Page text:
The registered dietitian (RD) should include the following anthropometric measurements in the initial assessment:  Weight, height and body mass index; for children, growth pattern indices. In addition, measurements of body compartment estimates should also be included, such as circumference measurements (mid-arm muscle, waist, hip and waist-to-hip ratio) or measurements of body cell mass and body fat [measured with skinfold thickness measurements, dual energy X-ray absorptiometry (DXA), bioelectrical impedance analysis (BIA), or bioimpedance spectroscopy]. Baseline anthropometric measurements provide information for the nutrition assessment and the majority of research in men, women, children and adolescents reports that fat-free mass and fat mass are altered in people with HIV infection.
    Strong
    Imperative
    HIV/AIDS: Assess Food/Nutrition-Related History
    The registered dietitian (RD) should assess the food and nutrition-related history of people with HIV infection, including but not limited to:
    • Food and nutrient intake, focusing on energy, protein, fat, fiber, sodium, calcium and vitamin D 
    • Medications/drugs, herbal/dietary supplements and their potential negative interactions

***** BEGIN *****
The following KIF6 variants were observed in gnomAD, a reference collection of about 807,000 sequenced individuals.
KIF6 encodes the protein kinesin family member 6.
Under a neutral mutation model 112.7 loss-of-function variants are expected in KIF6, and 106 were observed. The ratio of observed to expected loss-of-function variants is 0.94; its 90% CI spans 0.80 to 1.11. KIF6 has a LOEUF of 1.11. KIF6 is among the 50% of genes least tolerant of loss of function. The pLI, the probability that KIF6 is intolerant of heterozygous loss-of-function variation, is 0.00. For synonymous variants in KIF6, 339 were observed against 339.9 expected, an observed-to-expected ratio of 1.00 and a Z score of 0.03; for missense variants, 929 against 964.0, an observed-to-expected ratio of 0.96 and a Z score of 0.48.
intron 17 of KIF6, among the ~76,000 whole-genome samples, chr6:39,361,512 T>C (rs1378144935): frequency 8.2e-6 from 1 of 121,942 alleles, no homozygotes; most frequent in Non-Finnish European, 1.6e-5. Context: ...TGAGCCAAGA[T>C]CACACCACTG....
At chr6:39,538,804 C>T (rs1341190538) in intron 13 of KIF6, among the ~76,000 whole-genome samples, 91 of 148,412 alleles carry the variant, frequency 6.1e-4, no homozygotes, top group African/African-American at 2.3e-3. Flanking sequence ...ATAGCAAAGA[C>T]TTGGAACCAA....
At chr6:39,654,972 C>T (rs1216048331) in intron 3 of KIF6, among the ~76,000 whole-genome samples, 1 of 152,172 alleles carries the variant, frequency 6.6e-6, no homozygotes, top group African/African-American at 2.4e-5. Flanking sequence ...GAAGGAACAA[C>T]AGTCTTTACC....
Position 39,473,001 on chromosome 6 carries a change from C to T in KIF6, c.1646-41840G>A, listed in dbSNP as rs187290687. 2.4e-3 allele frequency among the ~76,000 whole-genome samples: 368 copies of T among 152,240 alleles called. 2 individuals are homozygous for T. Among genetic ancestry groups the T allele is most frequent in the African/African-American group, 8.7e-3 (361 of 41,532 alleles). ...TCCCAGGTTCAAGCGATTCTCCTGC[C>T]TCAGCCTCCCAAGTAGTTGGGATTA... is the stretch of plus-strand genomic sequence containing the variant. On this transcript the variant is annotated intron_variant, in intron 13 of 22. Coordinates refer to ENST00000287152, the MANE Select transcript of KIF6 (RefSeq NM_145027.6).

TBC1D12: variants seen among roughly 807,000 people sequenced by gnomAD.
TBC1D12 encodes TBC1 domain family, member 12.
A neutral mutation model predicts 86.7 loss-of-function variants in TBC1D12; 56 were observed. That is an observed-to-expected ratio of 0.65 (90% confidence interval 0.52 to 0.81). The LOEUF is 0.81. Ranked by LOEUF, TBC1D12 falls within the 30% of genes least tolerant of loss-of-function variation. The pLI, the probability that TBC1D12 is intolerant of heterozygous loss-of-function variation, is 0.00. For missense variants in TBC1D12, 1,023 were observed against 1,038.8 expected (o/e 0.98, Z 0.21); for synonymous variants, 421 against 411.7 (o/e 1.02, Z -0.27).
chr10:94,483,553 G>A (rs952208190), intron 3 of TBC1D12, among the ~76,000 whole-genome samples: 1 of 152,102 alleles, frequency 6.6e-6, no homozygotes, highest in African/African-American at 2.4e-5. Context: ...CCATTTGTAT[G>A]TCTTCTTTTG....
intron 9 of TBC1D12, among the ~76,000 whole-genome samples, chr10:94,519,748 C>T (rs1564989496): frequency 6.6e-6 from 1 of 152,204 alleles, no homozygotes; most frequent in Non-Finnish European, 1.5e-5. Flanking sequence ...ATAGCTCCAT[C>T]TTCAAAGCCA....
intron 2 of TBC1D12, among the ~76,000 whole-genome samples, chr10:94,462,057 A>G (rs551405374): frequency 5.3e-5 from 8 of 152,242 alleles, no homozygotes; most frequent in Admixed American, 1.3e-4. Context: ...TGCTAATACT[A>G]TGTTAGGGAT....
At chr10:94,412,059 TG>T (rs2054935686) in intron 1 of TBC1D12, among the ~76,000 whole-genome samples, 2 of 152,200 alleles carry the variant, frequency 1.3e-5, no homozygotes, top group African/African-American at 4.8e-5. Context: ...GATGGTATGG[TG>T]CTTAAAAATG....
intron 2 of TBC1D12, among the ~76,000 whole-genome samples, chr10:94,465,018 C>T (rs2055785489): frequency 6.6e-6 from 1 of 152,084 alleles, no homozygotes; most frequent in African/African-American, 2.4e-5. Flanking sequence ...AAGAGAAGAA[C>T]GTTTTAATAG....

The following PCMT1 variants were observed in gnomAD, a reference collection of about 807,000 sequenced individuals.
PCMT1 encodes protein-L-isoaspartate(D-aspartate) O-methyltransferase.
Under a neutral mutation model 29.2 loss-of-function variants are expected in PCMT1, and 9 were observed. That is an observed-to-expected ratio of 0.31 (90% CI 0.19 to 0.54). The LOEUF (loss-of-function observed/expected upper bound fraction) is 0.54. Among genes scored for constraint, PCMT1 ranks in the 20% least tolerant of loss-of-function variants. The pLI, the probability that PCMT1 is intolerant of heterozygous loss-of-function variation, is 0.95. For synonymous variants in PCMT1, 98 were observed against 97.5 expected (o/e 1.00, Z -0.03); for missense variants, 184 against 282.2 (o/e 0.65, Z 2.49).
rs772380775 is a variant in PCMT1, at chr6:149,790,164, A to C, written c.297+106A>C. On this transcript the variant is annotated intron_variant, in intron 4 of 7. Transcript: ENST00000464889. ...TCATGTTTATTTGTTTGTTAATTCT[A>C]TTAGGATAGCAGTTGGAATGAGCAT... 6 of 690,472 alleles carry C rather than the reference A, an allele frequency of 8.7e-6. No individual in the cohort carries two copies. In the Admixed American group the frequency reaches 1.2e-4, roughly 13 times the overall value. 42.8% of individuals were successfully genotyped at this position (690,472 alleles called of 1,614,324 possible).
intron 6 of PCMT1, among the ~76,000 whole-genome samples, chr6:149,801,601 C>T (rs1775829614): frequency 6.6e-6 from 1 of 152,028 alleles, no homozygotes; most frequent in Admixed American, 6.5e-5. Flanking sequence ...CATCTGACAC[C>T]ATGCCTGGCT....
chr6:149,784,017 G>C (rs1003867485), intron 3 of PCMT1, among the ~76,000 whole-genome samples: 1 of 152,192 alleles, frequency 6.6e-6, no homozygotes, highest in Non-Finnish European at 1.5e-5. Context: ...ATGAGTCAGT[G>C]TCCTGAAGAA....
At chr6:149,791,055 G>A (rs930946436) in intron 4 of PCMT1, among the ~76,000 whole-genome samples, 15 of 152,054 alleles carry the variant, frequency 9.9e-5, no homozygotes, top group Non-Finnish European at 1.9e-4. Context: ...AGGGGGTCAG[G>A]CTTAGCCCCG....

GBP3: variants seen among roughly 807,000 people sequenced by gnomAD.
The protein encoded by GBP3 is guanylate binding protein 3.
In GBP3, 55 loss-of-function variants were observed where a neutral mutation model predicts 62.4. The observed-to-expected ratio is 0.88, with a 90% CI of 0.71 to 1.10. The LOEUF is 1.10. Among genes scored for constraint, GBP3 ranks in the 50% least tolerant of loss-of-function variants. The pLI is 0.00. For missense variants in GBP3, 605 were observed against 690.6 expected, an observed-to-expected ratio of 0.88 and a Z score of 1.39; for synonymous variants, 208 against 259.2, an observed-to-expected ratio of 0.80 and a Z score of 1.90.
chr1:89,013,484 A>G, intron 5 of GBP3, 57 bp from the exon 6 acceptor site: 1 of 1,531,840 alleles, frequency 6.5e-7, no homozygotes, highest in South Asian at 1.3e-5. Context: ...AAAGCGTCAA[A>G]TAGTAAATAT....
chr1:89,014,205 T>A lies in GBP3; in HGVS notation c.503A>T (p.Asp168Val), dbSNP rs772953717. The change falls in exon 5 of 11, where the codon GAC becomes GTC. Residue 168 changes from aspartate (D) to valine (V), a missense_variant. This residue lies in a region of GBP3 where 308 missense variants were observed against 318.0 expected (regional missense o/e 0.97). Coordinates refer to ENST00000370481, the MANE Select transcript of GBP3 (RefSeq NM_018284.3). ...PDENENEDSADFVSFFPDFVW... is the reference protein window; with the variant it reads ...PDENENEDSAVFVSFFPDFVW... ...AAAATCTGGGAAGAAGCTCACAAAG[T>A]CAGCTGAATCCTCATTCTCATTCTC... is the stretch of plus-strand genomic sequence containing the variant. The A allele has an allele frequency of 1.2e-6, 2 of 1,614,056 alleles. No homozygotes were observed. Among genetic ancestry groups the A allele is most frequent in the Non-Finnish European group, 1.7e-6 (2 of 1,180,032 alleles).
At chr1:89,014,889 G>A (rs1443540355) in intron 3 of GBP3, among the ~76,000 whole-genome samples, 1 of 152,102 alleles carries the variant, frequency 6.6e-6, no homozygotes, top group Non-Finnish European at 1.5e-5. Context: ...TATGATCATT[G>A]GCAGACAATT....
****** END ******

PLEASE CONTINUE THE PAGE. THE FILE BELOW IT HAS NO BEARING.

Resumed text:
• Knowledge, beliefs and attitudes
    • Behavior
    • Factors affecting access to food and food and nutrition-related supplies
    • Physical activity and function
    • Nutrition-related patient and client-centered measures
    Several studies report variations in energy and nutrient intake in people with HIV infection, some were under- and over-estimated requirements. A clear understanding of food and nutrient intake will form the basis for the nutrition diagnosis, prescription and intervention.
    Strong
    Imperative
    HIV/AIDS: Nutrition Assessment
    The registered dietitian (RD) should assess the following for people with HIV infection:
    • Food/nutrition-related history, such as knowledge, beliefs and attitudes and factors affecting access to food and food/nutrition-related supplies (see also the Assess Food/Nutrition-Related History recommendation, click here)
    • Anthropometrics (see also the Anthropometric Assessment recommendation, click here)
    • Biochemical data, medical tests and procedures such as lipid profile, fasting blood glucose, electrolytes, complete blood count and bone density measurements
    • Nutrition-focused physical findings
    • Client history
      • Patient, client and family medical/health history
      • Social history
    • Comparative standards.
    Assessment of nutritional and medical status is crucial to quality nutrition care for every person living with HIV infection.
     
    Consensus
    Imperative
    HIV/AIDS: Determining Energy Needs
    The registered dietitian (RD) should use clinical judgment and consider several factors when determining the energy needs of adults and children with HIV infection to maintain a healthy body weight. Factors related to energy needs in people with HIV infection include age, gender, stage of disease, nutritional status, opportunistic infections and comorbidities, inflammation and effects of medications. Although research reports increased resting energy expenditure (as much as 5% to 17%) in people with HIV infection, total energy expenditure may be similar to that of healthy control subjects. 
    Fair
    Imperative
  • Nutrition Intervention
    HIV/AIDS: Educate on Food and Water Safety